A year after Marine disappears on High Sierra hike, family still unsure what happened
Orange County Register
Erika I. Ritchie
PUBLISHED: February 24, 2020
...But a special kind of Marine needs no words, symbols or proclamations to describe their love for the Corps. Their love is found in late nights at the office, their stoicism in harsh conditions, genuine concern for subordinates and an obstinate adherence to what is right, regardless of the situation. These Marines live on through their influence and deeds, setting the example for the rest to come. Matt was one of these Marines.”
Marine Matthew Kraft is seen here hiking with his mother, Roxanne Kraft, in Shenandoah National Park, Virginia. (Courtesy of the Kraft family)
Every night, Greg Kraft turns on an electric candle that sits in the window of his family’s Connecticut home.
“I turn it on and I say, ‘God Bless Matt,’ ” Kraft said Friday, Feb. 21, his voice choked with emotion. “In the morning I turn it off and say ‘God Bless Matt.’ “
The candle, in the upstairs middle dormer of his Williamsburg Cape Cod-style home, is lighted so his son, Capt. Matthew Kraft, can find his way back.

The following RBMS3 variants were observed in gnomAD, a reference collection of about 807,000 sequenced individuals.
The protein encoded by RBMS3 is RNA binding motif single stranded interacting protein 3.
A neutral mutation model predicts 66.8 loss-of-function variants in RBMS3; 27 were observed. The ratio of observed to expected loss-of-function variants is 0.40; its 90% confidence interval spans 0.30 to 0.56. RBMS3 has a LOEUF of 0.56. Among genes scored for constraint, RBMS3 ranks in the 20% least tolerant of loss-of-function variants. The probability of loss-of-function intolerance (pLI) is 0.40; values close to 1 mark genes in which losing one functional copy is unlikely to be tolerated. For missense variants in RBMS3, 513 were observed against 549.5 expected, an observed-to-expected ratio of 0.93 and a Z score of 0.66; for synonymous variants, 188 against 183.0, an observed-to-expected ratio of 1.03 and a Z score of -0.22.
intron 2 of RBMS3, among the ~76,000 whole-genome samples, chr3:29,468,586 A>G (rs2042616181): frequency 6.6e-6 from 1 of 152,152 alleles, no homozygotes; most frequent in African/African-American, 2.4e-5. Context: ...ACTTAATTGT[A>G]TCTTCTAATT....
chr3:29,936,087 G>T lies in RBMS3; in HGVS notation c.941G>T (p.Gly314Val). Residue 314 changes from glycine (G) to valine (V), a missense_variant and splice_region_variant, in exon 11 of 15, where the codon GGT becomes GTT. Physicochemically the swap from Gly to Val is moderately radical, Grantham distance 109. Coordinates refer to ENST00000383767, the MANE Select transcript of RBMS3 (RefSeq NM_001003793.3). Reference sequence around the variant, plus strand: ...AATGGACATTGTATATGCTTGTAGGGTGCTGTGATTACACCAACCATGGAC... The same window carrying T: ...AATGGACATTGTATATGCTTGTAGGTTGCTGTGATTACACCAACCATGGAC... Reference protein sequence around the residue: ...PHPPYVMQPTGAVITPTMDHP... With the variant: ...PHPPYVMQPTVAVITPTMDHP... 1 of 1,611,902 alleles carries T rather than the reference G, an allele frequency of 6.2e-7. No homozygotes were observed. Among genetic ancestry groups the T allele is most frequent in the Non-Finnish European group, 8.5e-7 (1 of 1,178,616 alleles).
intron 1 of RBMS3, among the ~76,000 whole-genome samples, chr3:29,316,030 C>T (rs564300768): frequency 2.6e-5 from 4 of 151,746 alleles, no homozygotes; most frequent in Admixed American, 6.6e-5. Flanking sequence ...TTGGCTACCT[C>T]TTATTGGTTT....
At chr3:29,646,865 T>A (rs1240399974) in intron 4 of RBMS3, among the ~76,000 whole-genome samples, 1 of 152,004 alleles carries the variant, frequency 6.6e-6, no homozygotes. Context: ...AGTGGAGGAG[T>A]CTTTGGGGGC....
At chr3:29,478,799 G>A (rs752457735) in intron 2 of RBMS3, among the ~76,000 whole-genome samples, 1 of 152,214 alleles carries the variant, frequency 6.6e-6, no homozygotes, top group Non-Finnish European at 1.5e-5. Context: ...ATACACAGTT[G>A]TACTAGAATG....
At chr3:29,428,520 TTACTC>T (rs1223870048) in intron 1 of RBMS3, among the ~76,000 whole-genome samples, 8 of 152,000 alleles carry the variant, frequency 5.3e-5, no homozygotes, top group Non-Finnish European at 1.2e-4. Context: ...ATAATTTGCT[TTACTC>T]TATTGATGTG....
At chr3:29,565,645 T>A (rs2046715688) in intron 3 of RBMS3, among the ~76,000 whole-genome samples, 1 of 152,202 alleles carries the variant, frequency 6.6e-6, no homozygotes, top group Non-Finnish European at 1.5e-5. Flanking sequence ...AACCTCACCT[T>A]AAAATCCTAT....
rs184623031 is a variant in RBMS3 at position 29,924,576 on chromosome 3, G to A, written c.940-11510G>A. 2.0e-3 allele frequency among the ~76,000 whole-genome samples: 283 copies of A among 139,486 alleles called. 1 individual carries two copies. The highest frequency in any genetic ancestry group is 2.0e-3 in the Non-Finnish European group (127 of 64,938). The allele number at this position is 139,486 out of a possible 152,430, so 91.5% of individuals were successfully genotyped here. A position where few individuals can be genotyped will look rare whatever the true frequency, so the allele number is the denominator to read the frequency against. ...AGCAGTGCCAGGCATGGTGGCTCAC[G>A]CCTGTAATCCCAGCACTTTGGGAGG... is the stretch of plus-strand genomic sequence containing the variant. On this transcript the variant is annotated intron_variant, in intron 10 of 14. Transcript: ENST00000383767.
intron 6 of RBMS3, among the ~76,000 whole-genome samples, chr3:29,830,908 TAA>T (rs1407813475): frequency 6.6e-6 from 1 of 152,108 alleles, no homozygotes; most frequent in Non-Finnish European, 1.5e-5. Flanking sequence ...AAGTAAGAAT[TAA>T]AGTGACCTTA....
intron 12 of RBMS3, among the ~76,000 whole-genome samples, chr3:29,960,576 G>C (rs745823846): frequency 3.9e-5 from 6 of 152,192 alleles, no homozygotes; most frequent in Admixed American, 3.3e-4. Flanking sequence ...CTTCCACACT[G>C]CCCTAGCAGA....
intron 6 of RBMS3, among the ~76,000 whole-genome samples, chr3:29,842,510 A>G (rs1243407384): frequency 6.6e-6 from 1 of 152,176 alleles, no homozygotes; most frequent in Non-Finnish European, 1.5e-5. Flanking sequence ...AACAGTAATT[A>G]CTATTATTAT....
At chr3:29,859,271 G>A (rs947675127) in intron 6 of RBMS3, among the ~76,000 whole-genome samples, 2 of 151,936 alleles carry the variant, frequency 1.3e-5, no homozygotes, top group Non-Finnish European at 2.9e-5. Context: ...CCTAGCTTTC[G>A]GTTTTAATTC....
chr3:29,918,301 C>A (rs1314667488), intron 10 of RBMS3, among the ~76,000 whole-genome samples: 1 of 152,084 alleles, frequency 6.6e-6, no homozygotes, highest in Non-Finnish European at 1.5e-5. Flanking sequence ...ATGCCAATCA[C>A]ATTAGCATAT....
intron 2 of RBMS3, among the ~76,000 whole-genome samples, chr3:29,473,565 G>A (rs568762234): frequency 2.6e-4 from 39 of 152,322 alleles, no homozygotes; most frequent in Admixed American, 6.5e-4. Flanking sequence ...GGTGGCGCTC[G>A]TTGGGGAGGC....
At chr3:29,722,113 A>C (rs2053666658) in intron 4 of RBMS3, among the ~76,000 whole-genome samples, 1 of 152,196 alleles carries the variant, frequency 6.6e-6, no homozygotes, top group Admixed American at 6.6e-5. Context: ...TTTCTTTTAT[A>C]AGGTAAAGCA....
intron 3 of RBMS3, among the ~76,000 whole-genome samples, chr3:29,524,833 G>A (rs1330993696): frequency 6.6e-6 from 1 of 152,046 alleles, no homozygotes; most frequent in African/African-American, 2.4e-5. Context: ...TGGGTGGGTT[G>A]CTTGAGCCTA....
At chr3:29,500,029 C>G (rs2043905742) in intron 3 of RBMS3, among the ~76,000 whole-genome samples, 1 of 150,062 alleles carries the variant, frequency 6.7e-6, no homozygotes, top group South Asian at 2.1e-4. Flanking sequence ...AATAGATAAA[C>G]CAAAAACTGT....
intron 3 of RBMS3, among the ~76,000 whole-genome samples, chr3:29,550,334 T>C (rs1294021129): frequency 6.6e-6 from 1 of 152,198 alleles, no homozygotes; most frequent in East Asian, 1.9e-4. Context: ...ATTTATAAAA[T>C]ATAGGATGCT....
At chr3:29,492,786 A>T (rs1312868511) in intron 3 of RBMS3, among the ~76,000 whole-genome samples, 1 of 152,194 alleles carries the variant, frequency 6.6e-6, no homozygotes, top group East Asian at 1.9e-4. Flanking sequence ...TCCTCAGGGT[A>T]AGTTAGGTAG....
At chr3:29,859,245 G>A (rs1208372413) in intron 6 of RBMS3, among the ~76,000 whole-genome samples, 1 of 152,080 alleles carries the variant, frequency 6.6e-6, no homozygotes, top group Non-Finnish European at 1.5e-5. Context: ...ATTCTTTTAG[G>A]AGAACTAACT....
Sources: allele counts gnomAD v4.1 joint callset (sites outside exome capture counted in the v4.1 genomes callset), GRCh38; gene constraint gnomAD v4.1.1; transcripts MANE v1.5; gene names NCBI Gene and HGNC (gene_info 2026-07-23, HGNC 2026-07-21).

Matthew Kraft, a platoon leader with the 1st Battalion/7th Marines at Twentynine Palms, part of the 1st Marine Division based at Camp Pendleton, disappeared after taking leave from the Marine Corps for a two-week backcountry ski trip along the High Sierra Route starting Feb. 24, 2019.
He had planned the rugged trek for his pre-deployment leave, before his unit was to depart for Afghanistan.
That’s when I came to grips with it,” said Greg Kraft. “It’s also the day (March 15) the Marine Corps calls the date of death.”
An official statement, released by the Marine Corps on April 11, said Matthew Kraft died after being “overcome by severe winter storms.”
Kraft was posthumously promoted from 1st Lt. to the rank of Captain.
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